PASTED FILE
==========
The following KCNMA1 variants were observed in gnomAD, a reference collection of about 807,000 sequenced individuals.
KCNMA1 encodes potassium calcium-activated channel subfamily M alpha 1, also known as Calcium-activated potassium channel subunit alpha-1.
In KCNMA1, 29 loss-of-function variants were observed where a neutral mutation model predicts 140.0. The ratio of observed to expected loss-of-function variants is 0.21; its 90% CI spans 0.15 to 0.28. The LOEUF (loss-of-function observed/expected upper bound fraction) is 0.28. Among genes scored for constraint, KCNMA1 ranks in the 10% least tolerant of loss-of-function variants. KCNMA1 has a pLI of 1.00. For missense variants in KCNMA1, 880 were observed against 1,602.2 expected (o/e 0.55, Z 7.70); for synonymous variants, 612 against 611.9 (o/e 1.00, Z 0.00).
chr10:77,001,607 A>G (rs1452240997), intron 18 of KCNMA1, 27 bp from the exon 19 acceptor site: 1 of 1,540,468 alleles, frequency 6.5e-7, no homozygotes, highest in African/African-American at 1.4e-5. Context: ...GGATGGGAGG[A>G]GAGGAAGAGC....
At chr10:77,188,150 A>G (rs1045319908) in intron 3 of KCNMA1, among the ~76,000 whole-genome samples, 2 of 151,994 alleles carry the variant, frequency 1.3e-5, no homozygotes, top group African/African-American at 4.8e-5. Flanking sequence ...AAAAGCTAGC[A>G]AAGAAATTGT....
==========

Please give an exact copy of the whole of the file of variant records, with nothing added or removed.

The following KCNMA1 variants were observed in gnomAD, a reference collection of about 807,000 sequenced individuals.
KCNMA1 encodes potassium calcium-activated channel subfamily M alpha 1, also known as Calcium-activated potassium channel subunit alpha-1.
In KCNMA1, 29 loss-of-function variants were observed where a neutral mutation model predicts 140.0. The ratio of observed to expected loss-of-function variants is 0.21; its 90% CI spans 0.15 to 0.28. The LOEUF (loss-of-function observed/expected upper bound fraction) is 0.28. Among genes scored for constraint, KCNMA1 ranks in the 10% least tolerant of loss-of-function variants. KCNMA1 has a pLI of 1.00. For missense variants in KCNMA1, 880 were observed against 1,602.2 expected (o/e 0.55, Z 7.70); for synonymous variants, 612 against 611.9 (o/e 1.00, Z 0.00).
chr10:77,001,607 A>G (rs1452240997), intron 18 of KCNMA1, 27 bp from the exon 19 acceptor site: 1 of 1,540,468 alleles, frequency 6.5e-7, no homozygotes, highest in African/African-American at 1.4e-5. Context: ...GGATGGGAGG[A>G]GAGGAAGAGC....
At chr10:77,188,150 A>G (rs1045319908) in intron 3 of KCNMA1, among the ~76,000 whole-genome samples, 2 of 151,994 alleles carry the variant, frequency 1.3e-5, no homozygotes, top group African/African-American at 4.8e-5. Flanking sequence ...AAAAGCTAGC[A>G]AAGAAATTGT....